8 November, 3 Elizabeth.—True Bill that, at Westminster co. Midd. on the said day, Robert Newman alias Coopey late of London yoman stole a sword worth thirty shillings and a dagger worth three shillings, of the goods and chattels of John Fyssher gentleman. At the head of the bill, this memorandum—" Po se non cul nec se retraxit Id iudic qd eat inde quiet'." G. D. R., 11 Dec., 4 Eliz.

28 November, 4 Elizabeth.—True Bill that, at Westminster on the said day, Katherine Harryson late of London spynster stole a woman's petiecote worth twenty shillings, a woman's cassock worth twenty shillings, a silk hat worth twenty shillings, and divers pieces of linen cloth worth two shillings and sixpence. Putting herself 'Guilty,' she pleaded pregnancy: "Et postea" runs a memorandum at the foot of the bill, "scilt. ad sessionem hic tent xxmo die Februarii anno quarto supra dicto coram Willo' Harper milit' Maiore civitatis London' et sociis Justiciariis &c. compt' fuit per sacrm' matronarum qd p'dicta Katherina tune pregnans fuit I'o repri' quousq' &c. Et postea scilt. ad Deliberacionem Gaole hic tent xxvito die Junii anno regni Regine Elizabeth quarto coram p'd' Willo Harper et sociis suis Justic' p'd comp't' fuit per sacrm matronarum qd p'd Katherina tune non fuit p'gnans I'o cons' est per Cur' qd sus' per collum." Found to be pregnant on 20 Feb. 4 Eliz. by a jury of matrons she was reprieved till the delivery of her child; and subsequently on 26 June 4 Eliz., being found not pregnant by a jury of matrons, she was sentenced to be hung. G. D. R. 11 Dec., 4 Eliz.

1 December, 4 Elizabeth.—True Bill that, from the said day even until now, John Hardy, Reginald Melcher, Thomas Cornysshe, Peter . . . ., Nicholas Carleton, Nicholas Kirston, Edward Nell, and Richard Hamlen, all of the parish of St. Martin-in-the-Fields yomen; and Thomas Collen, William Coker, Reginald Caysey, John Dickenson, Roger Marker, William Moreton, Thomas Waker, of the parish of St. Clement-Danes yomen; Henry Bocher, John Hollands, Robert Whyttell, Roger Bosewell, Richard Goodyar, John Reynoldes, Robert Beanforest, John Whyting, John Patynson, William Goldyng, and John Pokyns of the city of Westminster yomen; Richard Cyngle, William Anderson, Robert Parker, Robert Jennyns, Edward Hayne, Thomas Vyncent, William Hyde, Nicholas Hyde, Ralph Damporte and John Punchington of the parish of Stronde co. Midd. have without reasonable excuse neglected to provide themselves with bows and arrows, and neglected to practice archery, in contempt of the statute in this matter provided.

8 December, 4 Elizabeth.—True Bill that, at Hackney co. Midd. in the night of the said day. about eleven p.m., John Doone late of London yoman broke sacrilegiously into the church of the said parish, and stole therefrom a horsecloth worth two shillings and a bible worth thirteen shillings, of the goods and chattels of the wardens of the said church. Putting himself 'Guilty,' John Doone was sentenced to be hung. G. D. R., 19 Jan., 4 Eliz.

13 December, 4 Elizabeth.—True Bill that, from the said day, Thomas Plott late of Edgware co. Midd. carpenter, albeit under no engagement of service to any-one, has refused to work and will not work in his vocation of carpenter at the salary and wage of twelve pence a-day, against the form of divers statutes and ordinances in this case provided.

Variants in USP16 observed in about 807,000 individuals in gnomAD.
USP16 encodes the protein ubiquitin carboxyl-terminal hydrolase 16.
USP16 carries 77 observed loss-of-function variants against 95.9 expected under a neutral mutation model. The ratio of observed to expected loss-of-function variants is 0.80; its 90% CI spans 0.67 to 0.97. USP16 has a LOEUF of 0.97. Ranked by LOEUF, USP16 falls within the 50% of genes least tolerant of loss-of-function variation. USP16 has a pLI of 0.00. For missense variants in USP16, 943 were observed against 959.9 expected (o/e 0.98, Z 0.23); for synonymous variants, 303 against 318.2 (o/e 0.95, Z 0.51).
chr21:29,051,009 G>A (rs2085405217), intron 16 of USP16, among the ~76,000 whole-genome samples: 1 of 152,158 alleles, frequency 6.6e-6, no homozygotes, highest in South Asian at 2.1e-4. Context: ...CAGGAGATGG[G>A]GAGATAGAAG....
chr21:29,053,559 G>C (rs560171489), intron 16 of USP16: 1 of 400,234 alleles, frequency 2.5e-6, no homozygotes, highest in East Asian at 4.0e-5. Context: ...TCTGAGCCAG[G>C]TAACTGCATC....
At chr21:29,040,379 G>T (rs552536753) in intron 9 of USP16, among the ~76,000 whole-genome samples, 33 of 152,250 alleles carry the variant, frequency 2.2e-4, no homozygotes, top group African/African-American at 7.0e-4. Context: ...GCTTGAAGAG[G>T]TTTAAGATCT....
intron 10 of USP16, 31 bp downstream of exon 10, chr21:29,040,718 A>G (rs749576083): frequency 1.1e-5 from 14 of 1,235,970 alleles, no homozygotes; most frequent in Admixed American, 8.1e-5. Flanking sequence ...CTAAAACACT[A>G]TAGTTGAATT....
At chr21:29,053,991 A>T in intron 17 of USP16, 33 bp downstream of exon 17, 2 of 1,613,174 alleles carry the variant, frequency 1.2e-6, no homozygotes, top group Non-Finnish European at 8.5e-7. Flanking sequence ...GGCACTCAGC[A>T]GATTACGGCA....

28 December, 4 Elizabeth.—True Bill that, at St. Clement'sDanes without the barrs of the New Temple co. Midd. in the night of the said day, viz. about seven p.m., Robert Hammond, late of London gentleman, broke burglariously into the dwelling-house of Robert Jenninges, and stole therefrom a red woollen-cloth tunic trimmed with black velvet worth forty shillings, a woollen-cloth cloak "coloris rattis colour" worth twenty shillings, a linen cloth worth six shillings, a linen table-cloth worth three shillings, and a velvett nightcapp worth two shillings and six-pence. Po se quoad burgularia' non cul nec ret' set quoad feloniam cul ca null petit librum legit vt cl'icus et traditur Ordinario. G. D. R, 10 April, 4 Eliz.

— 4 Elizabeth.—True Bill that, in the highway at Fynessebery in St. Giles's-without-Criplegate, on a day no longer legible on the record, Nicholas Yarde late of London gentleman and Ralph . . . . assaulted Henry Byrkened of Lyncolnes Inne gentleman, and robbed him of a crymeson sattin purse with a key annexed to it, thirty-eight shillings being in the purse, a gold ring set with two precious stones called a Turkeis and a Rubey, another gold ring set with a Rubey, a woollen cloak, a leather girdle, "a pystolett de ferro et calibe," an ornament of gold called "a broitche of goulde worth iii li.," a hat, a linen kerchief, a sorrell gelding and a saddle. Putting themselves 'Guilty,' Nicholas and Ralph were sentenced to be hung.—Also, on the same file, a True Bill that, on the night of some day (obliterated from the record) of 4 Elizabeth, Nicholas Yerd gentleman and Robert Fitz yoman, both late of London, broke burglariously into the house of Simon Williams in the parish of St. Dunstan-in-the-West and stole therefrom two stone cups with silver-gilt covers, a playne cloth, six table-napkins, with other things of the goods and chattels of the said Simon Williams. Putting himself 'Guilty,' Robert Fitz was also sentenced to be hung. G. D. R., 19 Jan., 4 Eliz.

— 4 Elizabeth.—True Bill that (whereas certain underwoods called coppices containing thirty-two 'rodas' in Grynford co. Midd. between fourteen and twenty-four years of age, were on 20 Jan. 2 Eliz. lopt and cut) William Gerrard late of Harrowe-super-montem co. Midd. gentleman, who had and has the same underwoods in his possession from the 20th day of April next following the said lopping and cutting thereof, has neglected to hedge in or otherwise defend the "germen vocatum the yonge sprynge eorundem subboscorum a nocumento et destruccione bestiarum et pecorum," from the aforesaid 20 April even until now.